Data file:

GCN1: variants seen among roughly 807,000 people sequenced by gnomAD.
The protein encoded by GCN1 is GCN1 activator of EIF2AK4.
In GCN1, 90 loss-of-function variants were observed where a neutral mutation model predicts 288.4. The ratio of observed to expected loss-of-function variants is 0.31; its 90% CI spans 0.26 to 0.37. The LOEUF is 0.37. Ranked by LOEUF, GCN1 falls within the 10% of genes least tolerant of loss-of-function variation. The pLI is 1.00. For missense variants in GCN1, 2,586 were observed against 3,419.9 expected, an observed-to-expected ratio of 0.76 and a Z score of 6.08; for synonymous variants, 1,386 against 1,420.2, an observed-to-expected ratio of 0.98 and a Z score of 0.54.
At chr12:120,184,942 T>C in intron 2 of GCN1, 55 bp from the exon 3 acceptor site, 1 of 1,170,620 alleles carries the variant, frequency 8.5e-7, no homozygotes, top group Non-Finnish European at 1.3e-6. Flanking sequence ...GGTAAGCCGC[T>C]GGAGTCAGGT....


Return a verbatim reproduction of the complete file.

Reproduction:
GCN1: variants seen among roughly 807,000 people sequenced by gnomAD.
The protein encoded by GCN1 is GCN1 activator of EIF2AK4.
In GCN1, 90 loss-of-function variants were observed where a neutral mutation model predicts 288.4. The ratio of observed to expected loss-of-function variants is 0.31; its 90% CI spans 0.26 to 0.37. The LOEUF is 0.37. Ranked by LOEUF, GCN1 falls within the 10% of genes least tolerant of loss-of-function variation. The pLI is 1.00. For missense variants in GCN1, 2,586 were observed against 3,419.9 expected, an observed-to-expected ratio of 0.76 and a Z score of 6.08; for synonymous variants, 1,386 against 1,420.2, an observed-to-expected ratio of 0.98 and a Z score of 0.54.
At chr12:120,184,942 T>C in intron 2 of GCN1, 55 bp from the exon 3 acceptor site, 1 of 1,170,620 alleles carries the variant, frequency 8.5e-7, no homozygotes, top group Non-Finnish European at 1.3e-6. Flanking sequence ...GGTAAGCCGC[T>C]GGAGTCAGGT....